Malaysia has been one of the big movers in the latest World Bank survey on the ease of doing business, moving up six rungs on the international ladder to be ranked 12th overall. However, making it easier to obtain construction permits and start a business, two areas signalled out for improvement, will help the country achieve its goal of breaking into the top 10.
The annual study aims to provide an objective measure of business regulations for local firms and give an indication of the progress in facilitating private sector development. In the 2013 edition, released on October 23, Malaysia further consolidated its reputation for economic reform, building on its performance in 2011 when it moved from 23rd to 18th place. The improvement in the rankings puts Malaysia behind only Singapore, Hong Kong and South Korea in Asia, and ahead of regional heavyweights Japan and China.
The survey, titled “Doing Business 2013”, saw Malaysia improve its competitiveness in a number of areas, including registering property and trading across borders. The country continues to be ranked first globally in terms of gaining access to credit, and it also won accolades for the judicial network protecting investors, where it came in fourth among the 185 countries surveyed.
Recognition of the strong performance will help to further promote development and investment, said Annette Dixon, the country director for Malaysia at the World Bank. “This will help the private sector drive growth, particularly if Malaysia can build on its success by continuing to tackle long-term challenges, such as improving the quality of education,” Dixon said in a statement accompanying the release of the report.
According to Yeah Kim Leng, the group chief economist at RAM Holdings, a financial research firm, the improved business environment will help maintain Malaysia’s high profile as a prime investment destination. “It enhances business sentiment and confidence,” he said on October 24. “If the improvement is sustained, what we will likely see is an increase in business dynamism and a higher level of business activity.”
Mustapa Mohamed, the minister of international trade and industry, said that the findings of the study confirmed Malaysia’s competitiveness as an economy, and reflected the successful implementation by the government to improve the business environment, making it conducive for sustained economic growth. The next step, according to the minister, is putting in place further reforms that should move Malaysia even higher up the rankings. He did acknowledge, however, that the task would be a difficult one, given the competitive nature of the global economy.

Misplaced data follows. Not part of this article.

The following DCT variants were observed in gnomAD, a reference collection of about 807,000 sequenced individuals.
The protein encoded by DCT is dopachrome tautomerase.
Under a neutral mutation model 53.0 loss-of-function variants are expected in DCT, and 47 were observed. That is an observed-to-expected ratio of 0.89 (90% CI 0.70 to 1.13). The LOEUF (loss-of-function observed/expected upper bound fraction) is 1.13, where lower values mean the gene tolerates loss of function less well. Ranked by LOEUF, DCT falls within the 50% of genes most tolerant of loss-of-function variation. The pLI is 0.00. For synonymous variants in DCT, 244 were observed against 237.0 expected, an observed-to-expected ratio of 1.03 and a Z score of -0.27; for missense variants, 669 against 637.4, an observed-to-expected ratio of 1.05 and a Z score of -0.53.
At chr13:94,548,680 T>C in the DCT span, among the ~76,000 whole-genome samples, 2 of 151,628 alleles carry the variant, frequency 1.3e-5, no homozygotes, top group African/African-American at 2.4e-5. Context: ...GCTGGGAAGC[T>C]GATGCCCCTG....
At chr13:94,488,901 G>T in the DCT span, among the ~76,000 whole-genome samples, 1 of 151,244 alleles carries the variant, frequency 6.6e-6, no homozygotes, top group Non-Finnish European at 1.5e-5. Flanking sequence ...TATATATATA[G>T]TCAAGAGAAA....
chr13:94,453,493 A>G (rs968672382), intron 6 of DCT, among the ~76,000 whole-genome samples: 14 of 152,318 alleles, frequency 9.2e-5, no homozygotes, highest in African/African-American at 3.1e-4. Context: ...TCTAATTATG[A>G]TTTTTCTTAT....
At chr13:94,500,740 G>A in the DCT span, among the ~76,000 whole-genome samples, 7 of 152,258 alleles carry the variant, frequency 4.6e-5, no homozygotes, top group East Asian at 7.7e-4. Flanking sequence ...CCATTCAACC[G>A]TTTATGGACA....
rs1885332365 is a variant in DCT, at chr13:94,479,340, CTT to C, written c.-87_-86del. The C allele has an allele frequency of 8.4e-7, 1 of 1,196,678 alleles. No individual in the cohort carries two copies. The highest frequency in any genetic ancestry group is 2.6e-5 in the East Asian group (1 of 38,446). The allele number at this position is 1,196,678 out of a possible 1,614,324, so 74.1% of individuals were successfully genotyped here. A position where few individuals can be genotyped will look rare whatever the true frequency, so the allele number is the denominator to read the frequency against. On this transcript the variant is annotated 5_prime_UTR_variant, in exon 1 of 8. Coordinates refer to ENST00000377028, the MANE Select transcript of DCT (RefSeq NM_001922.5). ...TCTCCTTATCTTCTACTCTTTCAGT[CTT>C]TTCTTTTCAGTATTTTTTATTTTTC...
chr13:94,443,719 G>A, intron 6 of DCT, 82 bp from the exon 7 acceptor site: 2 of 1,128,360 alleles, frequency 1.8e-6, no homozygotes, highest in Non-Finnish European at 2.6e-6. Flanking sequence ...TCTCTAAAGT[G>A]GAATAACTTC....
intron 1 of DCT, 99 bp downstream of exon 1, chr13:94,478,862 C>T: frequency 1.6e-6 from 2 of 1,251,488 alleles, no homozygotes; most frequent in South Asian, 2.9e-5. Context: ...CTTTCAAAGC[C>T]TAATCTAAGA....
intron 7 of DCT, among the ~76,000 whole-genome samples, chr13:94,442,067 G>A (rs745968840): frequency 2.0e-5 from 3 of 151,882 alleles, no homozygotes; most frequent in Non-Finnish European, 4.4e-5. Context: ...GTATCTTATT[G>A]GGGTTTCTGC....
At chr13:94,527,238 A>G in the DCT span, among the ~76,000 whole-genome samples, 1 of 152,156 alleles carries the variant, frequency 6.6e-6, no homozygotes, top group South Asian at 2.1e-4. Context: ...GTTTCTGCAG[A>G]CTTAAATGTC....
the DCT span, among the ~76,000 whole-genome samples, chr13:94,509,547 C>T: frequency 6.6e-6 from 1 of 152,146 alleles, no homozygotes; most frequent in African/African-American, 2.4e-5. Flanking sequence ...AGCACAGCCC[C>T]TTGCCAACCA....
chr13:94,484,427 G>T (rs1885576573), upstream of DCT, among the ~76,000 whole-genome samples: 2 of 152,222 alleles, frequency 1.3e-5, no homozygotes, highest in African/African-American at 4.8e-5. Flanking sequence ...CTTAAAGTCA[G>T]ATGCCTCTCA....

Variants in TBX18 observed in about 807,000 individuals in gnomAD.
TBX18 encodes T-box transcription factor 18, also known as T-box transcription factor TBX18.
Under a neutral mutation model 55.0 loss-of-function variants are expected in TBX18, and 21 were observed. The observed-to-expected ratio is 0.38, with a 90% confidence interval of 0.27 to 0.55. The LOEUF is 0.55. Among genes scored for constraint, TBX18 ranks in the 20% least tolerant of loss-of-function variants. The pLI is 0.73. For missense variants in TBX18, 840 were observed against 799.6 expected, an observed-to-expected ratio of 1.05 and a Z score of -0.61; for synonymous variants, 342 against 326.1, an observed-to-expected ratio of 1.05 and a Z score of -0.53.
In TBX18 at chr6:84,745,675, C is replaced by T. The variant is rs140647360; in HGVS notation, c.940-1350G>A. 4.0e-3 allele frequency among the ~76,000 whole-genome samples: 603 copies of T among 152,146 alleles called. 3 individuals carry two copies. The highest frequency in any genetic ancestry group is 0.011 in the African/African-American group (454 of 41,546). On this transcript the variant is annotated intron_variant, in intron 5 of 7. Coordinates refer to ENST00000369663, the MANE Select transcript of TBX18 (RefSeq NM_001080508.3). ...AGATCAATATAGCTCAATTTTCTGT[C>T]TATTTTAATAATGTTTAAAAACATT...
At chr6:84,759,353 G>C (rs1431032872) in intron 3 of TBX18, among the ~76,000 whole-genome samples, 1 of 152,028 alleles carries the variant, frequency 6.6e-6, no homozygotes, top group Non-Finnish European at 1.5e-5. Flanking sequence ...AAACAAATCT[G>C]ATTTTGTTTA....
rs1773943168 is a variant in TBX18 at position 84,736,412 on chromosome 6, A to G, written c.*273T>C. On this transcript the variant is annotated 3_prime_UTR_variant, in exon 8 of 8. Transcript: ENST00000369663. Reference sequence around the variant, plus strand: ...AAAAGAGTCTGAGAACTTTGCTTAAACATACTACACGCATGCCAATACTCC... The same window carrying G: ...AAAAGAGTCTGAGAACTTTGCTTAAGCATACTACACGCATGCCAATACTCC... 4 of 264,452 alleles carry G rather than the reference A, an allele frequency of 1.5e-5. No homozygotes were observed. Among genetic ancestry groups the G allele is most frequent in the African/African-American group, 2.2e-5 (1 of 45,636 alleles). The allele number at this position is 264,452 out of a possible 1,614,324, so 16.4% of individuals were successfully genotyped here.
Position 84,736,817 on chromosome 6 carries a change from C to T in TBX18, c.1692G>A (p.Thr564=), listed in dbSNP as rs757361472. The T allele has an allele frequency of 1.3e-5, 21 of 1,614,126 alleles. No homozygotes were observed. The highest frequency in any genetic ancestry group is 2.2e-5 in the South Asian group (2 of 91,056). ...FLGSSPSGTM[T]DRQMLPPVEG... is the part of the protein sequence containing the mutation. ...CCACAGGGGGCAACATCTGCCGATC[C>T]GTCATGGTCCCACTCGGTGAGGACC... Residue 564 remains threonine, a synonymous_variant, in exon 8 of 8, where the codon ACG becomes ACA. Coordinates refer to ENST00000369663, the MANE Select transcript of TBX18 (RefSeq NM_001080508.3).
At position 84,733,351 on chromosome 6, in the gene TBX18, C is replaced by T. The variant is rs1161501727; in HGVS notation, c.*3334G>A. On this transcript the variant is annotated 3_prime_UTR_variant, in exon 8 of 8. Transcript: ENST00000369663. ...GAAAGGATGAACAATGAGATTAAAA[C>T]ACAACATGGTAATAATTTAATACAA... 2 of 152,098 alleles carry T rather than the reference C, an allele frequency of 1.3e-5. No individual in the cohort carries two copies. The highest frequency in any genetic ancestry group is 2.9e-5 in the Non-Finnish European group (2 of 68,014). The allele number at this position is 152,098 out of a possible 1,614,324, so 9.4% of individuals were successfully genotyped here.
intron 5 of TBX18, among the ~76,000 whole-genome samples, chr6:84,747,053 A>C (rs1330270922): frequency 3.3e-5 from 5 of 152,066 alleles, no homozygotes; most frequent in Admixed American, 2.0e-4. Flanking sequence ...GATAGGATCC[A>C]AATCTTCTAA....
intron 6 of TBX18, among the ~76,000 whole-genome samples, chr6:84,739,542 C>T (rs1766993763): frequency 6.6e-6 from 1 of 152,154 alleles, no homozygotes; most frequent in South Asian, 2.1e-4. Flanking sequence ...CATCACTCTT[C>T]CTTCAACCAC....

“Our objective is to achieve a top-10 position in the World Bank’s rankings. Getting there will strengthen our position as a destination of choice for local and foreign investors,” Mustapa said. “This is with new competitors constantly emerging and economic uncertainties globally. It is apparent that more needs to be done in the shortest time possible if we are to stay ahead.”
While the study very much stressed the positives, it also detailed a few areas of improvement that will have to be dealt with before Malaysia can break into the higher rankings. Despite the government making it easier to obtain construction permits, it still placed only 96th overall in this category. There is also room for improvement in the ease of starting a business, in which was Malaysia ranked 54th this year.
Two state agencies, the Special Taskforce to Facilitate Business (Pemudah) and the Performance Management Delivery Unit (Pemandu), have been tasked with addressing these issues, as well as developing strategies to promote best bureaucratic and administrative practices, with Pemudah in particular working closely with the private sector to cut red tape.
In an opinion piece carried by The Malay Mail on October 26, Ramon Navaratnam, the chairman of the Centre of Public Policy Studies, an independent think tank within the Asian Strategy and Leadership Institute, said the World Bank study did not cover issues such as public services or the non-business sectors of society. Improvements in the provision of services in areas such as health, education and social welfare also need to be addressed when considering the state of the economy.
“The best way forward is for the public sector to adopt further best practices, forced by global competition to perform more competitively all the time or face the prospects of losing its profits and business opportunities for growth,” he said.